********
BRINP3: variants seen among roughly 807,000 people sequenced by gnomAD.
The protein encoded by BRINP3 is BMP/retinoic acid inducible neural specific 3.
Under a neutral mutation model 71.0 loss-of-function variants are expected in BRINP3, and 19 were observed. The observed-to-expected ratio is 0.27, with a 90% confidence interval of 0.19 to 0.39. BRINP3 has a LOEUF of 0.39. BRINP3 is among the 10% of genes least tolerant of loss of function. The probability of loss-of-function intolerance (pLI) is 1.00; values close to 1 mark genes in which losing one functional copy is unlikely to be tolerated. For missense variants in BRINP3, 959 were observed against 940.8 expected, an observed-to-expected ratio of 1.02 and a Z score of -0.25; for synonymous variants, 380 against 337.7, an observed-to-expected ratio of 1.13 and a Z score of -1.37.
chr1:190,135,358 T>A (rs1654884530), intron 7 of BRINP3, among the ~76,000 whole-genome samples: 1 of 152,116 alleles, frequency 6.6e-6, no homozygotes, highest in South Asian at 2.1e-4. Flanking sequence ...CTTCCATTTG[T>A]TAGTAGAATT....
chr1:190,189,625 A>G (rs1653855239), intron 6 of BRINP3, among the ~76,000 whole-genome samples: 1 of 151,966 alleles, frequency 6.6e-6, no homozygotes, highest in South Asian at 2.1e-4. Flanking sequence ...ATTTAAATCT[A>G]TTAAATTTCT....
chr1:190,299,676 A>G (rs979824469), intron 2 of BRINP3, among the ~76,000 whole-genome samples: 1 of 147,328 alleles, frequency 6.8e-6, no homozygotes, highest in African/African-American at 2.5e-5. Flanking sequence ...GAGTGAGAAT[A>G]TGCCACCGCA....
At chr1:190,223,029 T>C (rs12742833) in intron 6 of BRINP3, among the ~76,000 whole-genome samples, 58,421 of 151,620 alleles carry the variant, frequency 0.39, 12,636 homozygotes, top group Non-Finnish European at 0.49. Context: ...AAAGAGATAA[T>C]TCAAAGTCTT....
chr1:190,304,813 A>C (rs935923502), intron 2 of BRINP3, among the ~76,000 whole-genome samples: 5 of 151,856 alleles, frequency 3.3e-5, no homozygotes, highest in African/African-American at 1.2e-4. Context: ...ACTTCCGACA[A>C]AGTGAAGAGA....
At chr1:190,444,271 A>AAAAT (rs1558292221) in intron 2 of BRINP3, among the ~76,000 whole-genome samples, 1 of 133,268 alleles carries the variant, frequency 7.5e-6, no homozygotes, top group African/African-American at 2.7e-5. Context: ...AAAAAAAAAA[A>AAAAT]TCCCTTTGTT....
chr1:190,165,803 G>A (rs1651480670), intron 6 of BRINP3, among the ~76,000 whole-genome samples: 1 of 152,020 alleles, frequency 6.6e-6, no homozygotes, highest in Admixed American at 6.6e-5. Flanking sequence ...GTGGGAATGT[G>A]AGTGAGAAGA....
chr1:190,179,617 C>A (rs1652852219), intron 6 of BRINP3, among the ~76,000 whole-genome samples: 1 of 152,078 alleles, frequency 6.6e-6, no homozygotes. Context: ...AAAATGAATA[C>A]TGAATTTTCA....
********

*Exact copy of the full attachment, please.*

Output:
BRINP3: variants seen among roughly 807,000 people sequenced by gnomAD.
The protein encoded by BRINP3 is BMP/retinoic acid inducible neural specific 3.
Under a neutral mutation model 71.0 loss-of-function variants are expected in BRINP3, and 19 were observed. The observed-to-expected ratio is 0.27, with a 90% confidence interval of 0.19 to 0.39. BRINP3 has a LOEUF of 0.39. BRINP3 is among the 10% of genes least tolerant of loss of function. The probability of loss-of-function intolerance (pLI) is 1.00; values close to 1 mark genes in which losing one functional copy is unlikely to be tolerated. For missense variants in BRINP3, 959 were observed against 940.8 expected, an observed-to-expected ratio of 1.02 and a Z score of -0.25; for synonymous variants, 380 against 337.7, an observed-to-expected ratio of 1.13 and a Z score of -1.37.
chr1:190,135,358 T>A (rs1654884530), intron 7 of BRINP3, among the ~76,000 whole-genome samples: 1 of 152,116 alleles, frequency 6.6e-6, no homozygotes, highest in South Asian at 2.1e-4. Flanking sequence ...CTTCCATTTG[T>A]TAGTAGAATT....
chr1:190,189,625 A>G (rs1653855239), intron 6 of BRINP3, among the ~76,000 whole-genome samples: 1 of 151,966 alleles, frequency 6.6e-6, no homozygotes, highest in South Asian at 2.1e-4. Flanking sequence ...ATTTAAATCT[A>G]TTAAATTTCT....
chr1:190,299,676 A>G (rs979824469), intron 2 of BRINP3, among the ~76,000 whole-genome samples: 1 of 147,328 alleles, frequency 6.8e-6, no homozygotes, highest in African/African-American at 2.5e-5. Flanking sequence ...GAGTGAGAAT[A>G]TGCCACCGCA....
At chr1:190,223,029 T>C (rs12742833) in intron 6 of BRINP3, among the ~76,000 whole-genome samples, 58,421 of 151,620 alleles carry the variant, frequency 0.39, 12,636 homozygotes, top group Non-Finnish European at 0.49. Context: ...AAAGAGATAA[T>C]TCAAAGTCTT....
chr1:190,304,813 A>C (rs935923502), intron 2 of BRINP3, among the ~76,000 whole-genome samples: 5 of 151,856 alleles, frequency 3.3e-5, no homozygotes, highest in African/African-American at 1.2e-4. Context: ...ACTTCCGACA[A>C]AGTGAAGAGA....
At chr1:190,444,271 A>AAAAT (rs1558292221) in intron 2 of BRINP3, among the ~76,000 whole-genome samples, 1 of 133,268 alleles carries the variant, frequency 7.5e-6, no homozygotes, top group African/African-American at 2.7e-5. Context: ...AAAAAAAAAA[A>AAAAT]TCCCTTTGTT....
chr1:190,165,803 G>A (rs1651480670), intron 6 of BRINP3, among the ~76,000 whole-genome samples: 1 of 152,020 alleles, frequency 6.6e-6, no homozygotes, highest in Admixed American at 6.6e-5. Flanking sequence ...GTGGGAATGT[G>A]AGTGAGAAGA....
chr1:190,179,617 C>A (rs1652852219), intron 6 of BRINP3, among the ~76,000 whole-genome samples: 1 of 152,078 alleles, frequency 6.6e-6, no homozygotes. Context: ...AAAATGAATA[C>A]TGAATTTTCA....